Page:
Federal Reserve Bank of Minneapolis President Narayana Kocherlakota said the central bank’s low interest rate policies, though necessary, will probably generate signs of financial instability.
“Unusually low real interest rates should be expected to be linked with inflated asset prices, high asset return volatility and heightened merger activity,” Kocherlakota said in the prepared text of a speech in New York.
“All of these financial market outcomes are often interpreted as signifying financial market instability.”
Fed Governor Jeremy Stein and Kansas City Fed President Esther George are among those who have voiced concerns that an extended period of low interest rates is heightening the risk of asset bubbles in markets such as junk bonds and farmland.
While George has dissented from this year’s Federal Open Market Committee decisions because of this risk, Kocherlakota is among the strongest supporters of additional monetary stimulus on the committee.
In speeches earlier this month Kocherlakota said he sees an “ongoing modest recovery” with unemployment staying at 7 percent or more through late 2014. The slow recovery calls for “more accommodation,” he said in a speech, repeating his call to postpone consideration of any increase in interest rates. He doesn’t vote on policy this year.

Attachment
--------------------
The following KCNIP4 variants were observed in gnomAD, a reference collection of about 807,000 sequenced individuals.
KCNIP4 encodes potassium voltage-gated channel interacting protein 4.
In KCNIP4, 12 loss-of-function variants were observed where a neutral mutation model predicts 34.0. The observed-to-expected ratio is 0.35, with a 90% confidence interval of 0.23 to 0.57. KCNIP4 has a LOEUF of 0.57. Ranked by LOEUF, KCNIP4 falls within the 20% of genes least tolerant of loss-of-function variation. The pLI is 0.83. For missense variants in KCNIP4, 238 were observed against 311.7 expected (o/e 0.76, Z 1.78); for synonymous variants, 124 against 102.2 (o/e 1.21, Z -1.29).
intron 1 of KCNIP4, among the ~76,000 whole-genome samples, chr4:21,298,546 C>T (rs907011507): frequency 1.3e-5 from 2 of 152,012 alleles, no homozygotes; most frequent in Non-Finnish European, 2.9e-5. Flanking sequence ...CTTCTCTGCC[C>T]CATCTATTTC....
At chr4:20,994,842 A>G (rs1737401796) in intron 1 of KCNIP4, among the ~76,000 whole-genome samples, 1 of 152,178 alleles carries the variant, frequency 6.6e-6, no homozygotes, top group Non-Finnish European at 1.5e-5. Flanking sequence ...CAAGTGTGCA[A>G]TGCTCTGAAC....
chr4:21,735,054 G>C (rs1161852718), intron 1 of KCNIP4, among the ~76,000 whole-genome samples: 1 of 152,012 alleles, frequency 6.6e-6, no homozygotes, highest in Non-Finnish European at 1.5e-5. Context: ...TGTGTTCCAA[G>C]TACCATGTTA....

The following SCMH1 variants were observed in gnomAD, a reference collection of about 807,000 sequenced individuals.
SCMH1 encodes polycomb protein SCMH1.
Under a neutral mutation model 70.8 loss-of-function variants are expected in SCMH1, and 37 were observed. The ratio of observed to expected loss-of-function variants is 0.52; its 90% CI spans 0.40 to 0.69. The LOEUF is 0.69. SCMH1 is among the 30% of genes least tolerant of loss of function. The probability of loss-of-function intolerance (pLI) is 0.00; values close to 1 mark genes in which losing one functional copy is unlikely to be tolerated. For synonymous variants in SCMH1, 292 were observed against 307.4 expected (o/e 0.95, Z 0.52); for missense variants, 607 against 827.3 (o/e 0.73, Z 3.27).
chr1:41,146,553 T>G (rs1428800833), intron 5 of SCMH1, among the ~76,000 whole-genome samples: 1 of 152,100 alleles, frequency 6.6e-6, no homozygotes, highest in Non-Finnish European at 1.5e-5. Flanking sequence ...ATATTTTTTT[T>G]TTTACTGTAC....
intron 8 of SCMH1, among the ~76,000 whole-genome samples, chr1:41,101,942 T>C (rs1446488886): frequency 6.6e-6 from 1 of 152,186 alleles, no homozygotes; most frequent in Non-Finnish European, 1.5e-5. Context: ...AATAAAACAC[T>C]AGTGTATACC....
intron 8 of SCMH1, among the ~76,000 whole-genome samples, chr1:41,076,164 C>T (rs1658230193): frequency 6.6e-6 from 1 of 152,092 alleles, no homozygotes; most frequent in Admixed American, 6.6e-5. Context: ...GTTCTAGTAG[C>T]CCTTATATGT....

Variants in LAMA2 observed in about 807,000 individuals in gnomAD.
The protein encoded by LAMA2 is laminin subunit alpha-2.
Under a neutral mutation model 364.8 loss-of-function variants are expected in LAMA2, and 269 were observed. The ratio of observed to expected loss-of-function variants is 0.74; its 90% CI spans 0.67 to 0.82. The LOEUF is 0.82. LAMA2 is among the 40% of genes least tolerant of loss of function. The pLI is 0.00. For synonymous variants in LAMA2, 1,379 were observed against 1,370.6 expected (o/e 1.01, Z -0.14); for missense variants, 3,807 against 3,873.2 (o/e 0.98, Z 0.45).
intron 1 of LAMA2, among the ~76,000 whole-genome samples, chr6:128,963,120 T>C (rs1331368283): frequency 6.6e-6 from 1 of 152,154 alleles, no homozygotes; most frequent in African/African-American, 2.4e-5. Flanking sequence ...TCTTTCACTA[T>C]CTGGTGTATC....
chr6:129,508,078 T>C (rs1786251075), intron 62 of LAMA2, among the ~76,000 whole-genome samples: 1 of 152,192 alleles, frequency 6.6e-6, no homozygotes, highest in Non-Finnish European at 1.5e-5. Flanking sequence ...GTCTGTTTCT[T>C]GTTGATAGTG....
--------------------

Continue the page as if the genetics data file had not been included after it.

“It is likely that, for a number of years to come, the FOMC will only achieve its dual mandate of maximum employment and price stability if it keeps real interest rates unusually low,” Kocherlakota said at the Levy Economics Institute’s 22nd Annual Hyman P. Minsky Conference.
The Minneapolis Fed chief has said the central bank should hold its target interest rate near zero until unemployment falls to 5.5 percent. That’s a full percentage point below the 6.5 percent threshold that has been adopted by the FOMC.
“For a considerable period of time, the FOMC may only be able to achieve its macroeconomic objectives in association with signs of instability in financial markets,” Kocherlakota said. “These financial market phenomena could pose macroeconomic risks. In my view, these potentialities are best addressed using effective supervision and regulation of the financial sector.”
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